By Nicholas Karides
When the American physicist and historian of science Thomas Kuhn identified the notion of the Paradigm Shift in the early 1960s, he described it as a fundamental change in the basic concepts and experimental practices within a scientific discipline.
Such a shift, Kuhn asserted, occurs when the dominant paradigm under which normal science operates is rendered incompatible with new phenomena, facilitating the adoption of a new theory or paradigm. Kuhn, who died in 1996, had confessed to a certain elasticity in his use of the term which has since infiltrated popular culture and spread to non-scientific contexts inevitably degenerating into a cliché.
Post-Covid19 every industry from hospitality to retail seems to be having their paradigm shifted. A fast and furious world that not long ago had worshipped ‘disruption’ as the only path to innovation is now forced to rethink everything.
Outside science laboratories and markets Kuhn’s term is being loosely used to signify changes in our collective perceptions, the type that is seeing a neurotic professional class reassess the slippery line of work-life balance. But nowhere is the change in perception more profound than in the explosion of racial tensions in the United States and the way the #BlackLivesMatter movement is now reshaping the country and social contexts everywhere else.
This late realisation of what it means not to breathe freely as an African American in the United States has shuttered assumptions in every western society. Whether the fall out will prove a permanent paradigm shift or a slide into more social upheaval now depends, in part, on whether the incumbent 45th president will retain power in November.
In understanding how we got here and where this might end up it is useful to recall that Barack Obama’s election in 2008 as the first African American president had itself been described as, yes, a paradigm shift. But given that 12 years later a movement like BLM has had to be mobilised and, more ominously, has faced hostility from the White House that Obama vacated, goes to show that perhaps that shift was not as paradigmatic.
As symbolisms go Obama’s victory was certainly a seminal moment in the country’s history. It was an extraordinary manifestation of change particularly when one contemplates that it was not until as late as 1965 that African Americans were fully granted the right to vote, when Obama himself was four years old. His election disrupted the old political culture and for a while, at least on the surface, racial tensions appeared to cool off. However, given where we are, very little changed in the underlying racism African Americans still face.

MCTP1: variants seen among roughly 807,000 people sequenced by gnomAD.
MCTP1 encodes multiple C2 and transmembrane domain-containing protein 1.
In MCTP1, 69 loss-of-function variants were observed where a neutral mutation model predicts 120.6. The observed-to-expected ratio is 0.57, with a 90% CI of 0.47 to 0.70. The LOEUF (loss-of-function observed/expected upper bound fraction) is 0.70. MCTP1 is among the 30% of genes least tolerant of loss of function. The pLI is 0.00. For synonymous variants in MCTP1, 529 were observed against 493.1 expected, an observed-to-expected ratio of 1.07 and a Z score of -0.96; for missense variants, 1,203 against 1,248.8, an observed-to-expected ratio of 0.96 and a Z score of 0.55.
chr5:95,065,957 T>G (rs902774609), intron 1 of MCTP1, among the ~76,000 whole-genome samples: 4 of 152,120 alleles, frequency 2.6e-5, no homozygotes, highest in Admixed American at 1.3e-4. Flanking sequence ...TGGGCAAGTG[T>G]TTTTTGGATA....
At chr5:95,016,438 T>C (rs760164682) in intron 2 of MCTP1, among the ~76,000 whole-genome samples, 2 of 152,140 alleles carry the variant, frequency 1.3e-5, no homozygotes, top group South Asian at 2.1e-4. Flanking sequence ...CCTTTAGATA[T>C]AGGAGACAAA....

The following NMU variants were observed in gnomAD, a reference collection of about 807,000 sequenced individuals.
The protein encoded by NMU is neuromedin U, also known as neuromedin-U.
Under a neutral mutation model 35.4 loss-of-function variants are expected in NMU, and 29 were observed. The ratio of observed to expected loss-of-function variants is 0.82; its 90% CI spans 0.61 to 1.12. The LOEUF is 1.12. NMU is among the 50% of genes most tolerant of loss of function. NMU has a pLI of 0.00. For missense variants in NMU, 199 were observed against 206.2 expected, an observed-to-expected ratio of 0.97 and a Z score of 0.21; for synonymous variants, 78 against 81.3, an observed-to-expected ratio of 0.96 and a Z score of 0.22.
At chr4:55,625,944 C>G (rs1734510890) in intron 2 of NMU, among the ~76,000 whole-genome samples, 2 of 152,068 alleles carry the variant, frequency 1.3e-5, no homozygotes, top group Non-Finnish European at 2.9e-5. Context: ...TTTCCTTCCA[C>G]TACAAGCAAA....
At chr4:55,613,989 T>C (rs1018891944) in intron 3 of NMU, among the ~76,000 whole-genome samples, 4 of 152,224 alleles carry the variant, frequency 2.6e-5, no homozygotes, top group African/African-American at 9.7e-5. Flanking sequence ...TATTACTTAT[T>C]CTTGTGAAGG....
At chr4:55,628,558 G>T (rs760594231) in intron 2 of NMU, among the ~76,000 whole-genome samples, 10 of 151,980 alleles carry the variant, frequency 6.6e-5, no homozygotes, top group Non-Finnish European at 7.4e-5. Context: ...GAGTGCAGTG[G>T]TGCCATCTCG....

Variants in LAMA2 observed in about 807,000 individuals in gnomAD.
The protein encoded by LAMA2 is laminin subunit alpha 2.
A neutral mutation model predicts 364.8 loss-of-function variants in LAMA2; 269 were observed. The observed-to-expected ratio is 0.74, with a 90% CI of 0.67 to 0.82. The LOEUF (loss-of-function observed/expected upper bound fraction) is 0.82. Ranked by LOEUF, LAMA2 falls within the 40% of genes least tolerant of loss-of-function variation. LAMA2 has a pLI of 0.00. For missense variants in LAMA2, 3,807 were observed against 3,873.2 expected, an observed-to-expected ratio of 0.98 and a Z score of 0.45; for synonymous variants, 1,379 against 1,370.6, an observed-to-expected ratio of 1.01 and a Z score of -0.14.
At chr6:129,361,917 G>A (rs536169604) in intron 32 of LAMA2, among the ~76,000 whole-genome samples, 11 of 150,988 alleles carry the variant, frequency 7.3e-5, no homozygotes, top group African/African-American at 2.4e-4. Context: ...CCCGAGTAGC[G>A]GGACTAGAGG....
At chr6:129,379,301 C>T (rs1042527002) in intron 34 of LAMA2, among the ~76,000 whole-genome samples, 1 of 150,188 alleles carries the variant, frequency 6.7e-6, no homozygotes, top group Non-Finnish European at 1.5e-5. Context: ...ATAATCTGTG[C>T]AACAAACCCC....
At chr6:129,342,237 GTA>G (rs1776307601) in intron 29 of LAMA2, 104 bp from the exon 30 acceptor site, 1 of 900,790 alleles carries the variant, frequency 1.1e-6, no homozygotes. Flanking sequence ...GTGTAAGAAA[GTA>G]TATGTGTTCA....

Obama, whose intelligence and decency this author admires, had presided over the same racial inequality and police brutality we see today. He dealt with the many vicious incidents during his term with dignity and compassion always saying the right things but in the end his administration failed to bring real change.
He would argue – and he would partially be right – that his efforts in the very difficult socio-economic circumstances he inherited from George W Bush were held back by a hostile Congress dominated by a dogmatic Republican Party going through its own paradigm-shifting and polarising nervous breakdown.
In recent weeks Obama has become very vocal, breaking the long-established norm that prevents former presidents from hostile engagement with incumbents. True to his reputation as a careful strategist his interventions have been both robust and thoughtful but have still triggered considerable reaction. His call to BLM protesters to “make this moment the real turning point for change” was seen as admission that his eight-year reign had fallen short while his call on them to redirect their energy at the ballot box was seen in some quarters as too cautious. You can’t satisfy everyone. Obama was and remains a positive force but, clearly, his impact wasn’t as defining as we might have thought.
To make things worse BLM is generating intense hostility among the Right prompting fears of a Fascist backlash in part fueled by Donald Trump’s repulsive personality. As things stand, it will fall on Obama’s vice president, the unlikely radical, Joe Biden, to calm things down enough to salvage some of America’s lost rationality and humanity.
To go back to Kuhn, the recent phenomena in the US do not constitute a paradigm shift; they have merely revealed that the paradigm had been false. It is hard for Americans and Americophiles to stomach, but for a real paradigm shift to occur they would first have to address the false assumptions that have corrupted their theories about themselves. Paramount among these is the romantic notion that America was ever great.
Nicholas Karides is the founder of Ampersand, the Nicosia based public affairs firm and network partner of ICF Next (Brussels). It offers its clients insight, advice and editorial support to make their communication work more relevant, more substantive and more effective @NicholasKarides